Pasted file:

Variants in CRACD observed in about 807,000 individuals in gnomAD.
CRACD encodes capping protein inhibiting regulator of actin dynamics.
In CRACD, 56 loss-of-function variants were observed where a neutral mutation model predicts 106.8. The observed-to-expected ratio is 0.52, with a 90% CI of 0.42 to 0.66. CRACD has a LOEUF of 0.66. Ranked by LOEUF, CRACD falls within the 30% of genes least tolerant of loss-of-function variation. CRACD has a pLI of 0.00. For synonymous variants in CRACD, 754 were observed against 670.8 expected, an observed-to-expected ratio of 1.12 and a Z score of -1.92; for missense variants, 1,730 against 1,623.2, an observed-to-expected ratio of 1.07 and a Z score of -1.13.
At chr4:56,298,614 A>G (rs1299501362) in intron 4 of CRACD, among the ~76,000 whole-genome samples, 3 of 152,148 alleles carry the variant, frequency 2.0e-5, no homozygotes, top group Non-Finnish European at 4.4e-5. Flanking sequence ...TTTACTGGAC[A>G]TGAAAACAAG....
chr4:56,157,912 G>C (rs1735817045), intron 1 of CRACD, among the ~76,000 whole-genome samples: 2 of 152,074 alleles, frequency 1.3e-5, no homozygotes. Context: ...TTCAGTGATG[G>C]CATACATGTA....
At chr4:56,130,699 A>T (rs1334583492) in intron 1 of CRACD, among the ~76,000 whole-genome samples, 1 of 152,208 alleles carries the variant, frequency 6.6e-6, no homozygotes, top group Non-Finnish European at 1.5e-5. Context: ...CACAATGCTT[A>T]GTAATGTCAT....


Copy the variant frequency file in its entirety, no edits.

Variants in CRACD observed in about 807,000 individuals in gnomAD.
CRACD encodes capping protein inhibiting regulator of actin dynamics.
In CRACD, 56 loss-of-function variants were observed where a neutral mutation model predicts 106.8. The observed-to-expected ratio is 0.52, with a 90% CI of 0.42 to 0.66. CRACD has a LOEUF of 0.66. Ranked by LOEUF, CRACD falls within the 30% of genes least tolerant of loss-of-function variation. CRACD has a pLI of 0.00. For synonymous variants in CRACD, 754 were observed against 670.8 expected, an observed-to-expected ratio of 1.12 and a Z score of -1.92; for missense variants, 1,730 against 1,623.2, an observed-to-expected ratio of 1.07 and a Z score of -1.13.
At chr4:56,298,614 A>G (rs1299501362) in intron 4 of CRACD, among the ~76,000 whole-genome samples, 3 of 152,148 alleles carry the variant, frequency 2.0e-5, no homozygotes, top group Non-Finnish European at 4.4e-5. Flanking sequence ...TTTACTGGAC[A>G]TGAAAACAAG....
chr4:56,157,912 G>C (rs1735817045), intron 1 of CRACD, among the ~76,000 whole-genome samples: 2 of 152,074 alleles, frequency 1.3e-5, no homozygotes. Context: ...TTCAGTGATG[G>C]CATACATGTA....
At chr4:56,130,699 A>T (rs1334583492) in intron 1 of CRACD, among the ~76,000 whole-genome samples, 1 of 152,208 alleles carries the variant, frequency 6.6e-6, no homozygotes, top group Non-Finnish European at 1.5e-5. Context: ...CACAATGCTT[A>T]GTAATGTCAT....